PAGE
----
Get Down to Disness Blog

Slow Your Troll

Troll v. : to antagonize (others) online by deliberately posting inflammatory, irrelevant, or offensive comments or other disruptive content

In other words, a real pain in the a**. When you market your business online (and who doesn’t these days), you open yourself up to a slew of personality types to tend with, but trolls are in a whole league of their own. They feed on creating drama, distrust, self-doubt and causing mayhem for you and your genuine audience. While I personally will never understand what fuels this type of behavior or how it is in any way rewarding, I have had to deal with my share of trolls over the years. Allow me to share my “been-there, done-that and now I’m writing the blog post” experience with you. Maybe you’ll be better prepared (emotionally) than I was at the start of my business growth.

By nature, I am a people-pleaser, which has been a phenomenal trait to have in growing my business. Exceeding expectations is great for referrals! Truth be told, I want everyone to love me, (at least like me), respect me and root for me. I’ve always been this way, I guess it’s classic Middle Child syndrome? As I’ve gotten older and more “seasoned”, this is more of a want than a need, but still, I’m truly not happy when someone isn’t happy with me, my products or my service. I take criticism to heart and soul search over any negative remarks to see where I could have done better and will do better next time. Knowing this, just imagine how I felt when I experienced my first troll. Spoiler alert, it was agonizing.

Long story short, this was about ten years ago, when I produced the first edition of the Get Down to Disness Daily Agenda Book and was just beginning to grow an online audience. I had no money, I had a full-time job, my husband and I were both working to keep our house (basically) and I had active lupus at that time which came with high medical bills. My plate was full, but naively I thought Disney people were inherently kind and would surely welcome my new product-and maybe I could make a few extra bucks to save for vacations. Nope.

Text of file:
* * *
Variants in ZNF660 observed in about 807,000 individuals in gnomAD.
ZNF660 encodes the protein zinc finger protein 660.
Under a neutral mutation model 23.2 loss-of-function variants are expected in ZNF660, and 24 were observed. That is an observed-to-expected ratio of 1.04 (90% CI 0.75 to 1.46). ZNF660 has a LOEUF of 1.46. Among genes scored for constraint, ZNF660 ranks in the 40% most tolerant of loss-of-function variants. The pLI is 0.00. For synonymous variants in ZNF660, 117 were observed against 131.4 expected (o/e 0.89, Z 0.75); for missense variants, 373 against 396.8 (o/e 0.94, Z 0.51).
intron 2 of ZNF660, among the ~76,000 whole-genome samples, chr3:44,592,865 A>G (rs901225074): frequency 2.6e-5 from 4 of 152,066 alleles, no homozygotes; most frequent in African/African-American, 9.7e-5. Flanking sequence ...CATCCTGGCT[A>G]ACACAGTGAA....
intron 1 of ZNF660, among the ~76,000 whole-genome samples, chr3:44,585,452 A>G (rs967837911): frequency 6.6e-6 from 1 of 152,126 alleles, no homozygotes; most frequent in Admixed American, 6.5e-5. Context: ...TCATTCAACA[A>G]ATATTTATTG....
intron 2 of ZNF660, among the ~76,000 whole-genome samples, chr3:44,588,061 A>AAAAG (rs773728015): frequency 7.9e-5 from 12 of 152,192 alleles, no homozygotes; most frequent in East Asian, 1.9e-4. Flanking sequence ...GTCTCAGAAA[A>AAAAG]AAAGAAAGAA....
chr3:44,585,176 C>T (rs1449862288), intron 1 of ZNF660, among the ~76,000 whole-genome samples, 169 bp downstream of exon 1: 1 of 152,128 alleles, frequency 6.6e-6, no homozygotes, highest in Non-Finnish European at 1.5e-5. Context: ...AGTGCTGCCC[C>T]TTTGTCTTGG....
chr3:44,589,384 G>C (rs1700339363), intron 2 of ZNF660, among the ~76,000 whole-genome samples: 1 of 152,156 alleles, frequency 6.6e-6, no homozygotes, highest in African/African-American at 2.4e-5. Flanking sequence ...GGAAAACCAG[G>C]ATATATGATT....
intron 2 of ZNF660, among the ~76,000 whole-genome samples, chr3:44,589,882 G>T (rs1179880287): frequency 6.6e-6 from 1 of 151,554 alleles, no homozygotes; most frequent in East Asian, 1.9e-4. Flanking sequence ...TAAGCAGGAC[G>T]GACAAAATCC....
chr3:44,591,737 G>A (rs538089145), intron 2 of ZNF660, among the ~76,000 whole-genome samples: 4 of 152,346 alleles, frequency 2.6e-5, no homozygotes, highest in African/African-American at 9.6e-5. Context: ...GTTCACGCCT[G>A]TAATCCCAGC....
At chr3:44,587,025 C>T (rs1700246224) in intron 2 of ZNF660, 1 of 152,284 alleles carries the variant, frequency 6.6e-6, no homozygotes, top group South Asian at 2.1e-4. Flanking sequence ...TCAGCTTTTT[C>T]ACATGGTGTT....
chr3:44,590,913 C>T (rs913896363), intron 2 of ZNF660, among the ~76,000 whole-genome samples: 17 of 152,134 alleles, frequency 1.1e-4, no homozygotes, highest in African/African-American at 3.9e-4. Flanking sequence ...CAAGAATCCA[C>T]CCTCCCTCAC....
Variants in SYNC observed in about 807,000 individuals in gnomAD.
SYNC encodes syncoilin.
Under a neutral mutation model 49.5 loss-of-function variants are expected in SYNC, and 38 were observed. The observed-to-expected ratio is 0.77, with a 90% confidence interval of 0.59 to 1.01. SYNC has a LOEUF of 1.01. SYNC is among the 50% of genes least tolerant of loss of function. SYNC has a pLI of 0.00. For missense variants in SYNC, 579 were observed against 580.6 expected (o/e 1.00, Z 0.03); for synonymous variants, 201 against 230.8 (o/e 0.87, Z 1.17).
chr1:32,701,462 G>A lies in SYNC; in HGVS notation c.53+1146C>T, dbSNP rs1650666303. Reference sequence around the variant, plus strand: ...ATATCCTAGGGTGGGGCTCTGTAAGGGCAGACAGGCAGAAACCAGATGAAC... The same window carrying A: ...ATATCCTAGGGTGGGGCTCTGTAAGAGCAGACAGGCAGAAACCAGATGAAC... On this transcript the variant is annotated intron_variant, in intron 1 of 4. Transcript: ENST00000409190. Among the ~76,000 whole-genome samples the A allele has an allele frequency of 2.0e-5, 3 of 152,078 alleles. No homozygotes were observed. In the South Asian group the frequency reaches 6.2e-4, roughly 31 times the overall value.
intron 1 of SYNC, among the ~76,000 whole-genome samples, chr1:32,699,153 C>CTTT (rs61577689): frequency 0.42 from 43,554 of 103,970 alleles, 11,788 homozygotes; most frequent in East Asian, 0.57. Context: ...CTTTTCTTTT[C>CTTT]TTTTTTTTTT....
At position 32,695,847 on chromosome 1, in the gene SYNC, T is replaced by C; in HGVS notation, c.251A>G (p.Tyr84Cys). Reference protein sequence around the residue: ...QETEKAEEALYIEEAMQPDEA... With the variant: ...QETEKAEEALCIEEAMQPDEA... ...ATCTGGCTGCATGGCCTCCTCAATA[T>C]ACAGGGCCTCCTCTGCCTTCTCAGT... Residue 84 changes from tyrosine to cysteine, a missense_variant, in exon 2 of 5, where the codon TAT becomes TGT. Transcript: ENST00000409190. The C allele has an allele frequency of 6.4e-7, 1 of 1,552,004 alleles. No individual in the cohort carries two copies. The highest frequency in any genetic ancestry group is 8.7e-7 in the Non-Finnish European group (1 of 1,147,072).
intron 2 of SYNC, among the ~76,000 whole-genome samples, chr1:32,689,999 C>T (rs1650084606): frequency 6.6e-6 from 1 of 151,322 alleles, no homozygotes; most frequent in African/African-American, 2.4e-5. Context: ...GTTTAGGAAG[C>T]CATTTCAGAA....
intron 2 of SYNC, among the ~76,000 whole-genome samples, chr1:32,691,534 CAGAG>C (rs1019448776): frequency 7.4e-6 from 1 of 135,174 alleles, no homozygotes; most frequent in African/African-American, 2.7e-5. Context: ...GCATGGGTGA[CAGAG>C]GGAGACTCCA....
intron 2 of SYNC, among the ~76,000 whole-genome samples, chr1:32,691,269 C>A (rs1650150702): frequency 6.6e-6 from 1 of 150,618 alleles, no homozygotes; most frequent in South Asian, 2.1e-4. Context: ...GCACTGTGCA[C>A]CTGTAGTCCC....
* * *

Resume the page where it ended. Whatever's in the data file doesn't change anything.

I ran my first Facebook ad for the agenda book and anxiously awaited validation in the form of purchases or positive comments. I sold a couple (nothing to brag about-though at the time I was nervously excited to fill those orders) and a few great comments came in which I cannot recall. Know what I CAN recall…the one awful comment left by my first troll. It said (exactly):

“Just what the world needs, a paper planner that looks like a five year old designed it. If you knew anything about Disney, you would know you should have designed an app! Head back to the drawing board.” Ouch.

I’m Irish, on both sides, so my emotions ran the gamut and a bunch of expletives flew around my house. But ultimately, I was deflated and really let those words affect me. I almost gave up. In fact, it wasn’t until I received emails from the few customers I had sold books to (well, people that I didn’t know personally) with very kind and positive feedback, that I felt like working on the “Disness” again. Crazy, right? I didn’t even know this troll, they never bought my product and probably didn’t even really take a look at the website, yet I almost allowed them to crush my goals and dreams. I’m over it now, but you know what I thought about when I learned the book was deemed Amazon’s Choice for Disney planners? That troll’s comment and how wrong they were.

When you experience a troll – and you will – you have two choices: take the low road or the high road. Always take the high road. It may be lonely up there at times, but the view is so much better! The troll is counting on you to take that low road and engage, feeding their slimy, troll appetite for destruction. Don’t take the bait. Instead, here are some high road options you have:

  • Hide or delete the comment and contact the troll. Maybe they are having an off day, a bad week and they just need to be reigned in a little. You are giving them a chance to stay a part of your community, but making it clear, that behavior doesn’t fly in your house. I call this a two-strike policy and it makes sense when you are trying to grow a new audience.
  • Delete the comment and remove and block the troll. One-strike policy. This is no BS. If you can’t play nice, you can’t stay and basically the policy I have now that my group is fairly large.

This is where publishing Rules or Codes of Conduct come in very handy for social media groups. Setting those ground rules from the get go will cut down on the amount of trolling comments, but they don’t eliminate them entirely. When you get that annoying comment, keep your cool, stay confident and remember: sticks and stones may break our bones, but trolls can never hurt us. 🙂

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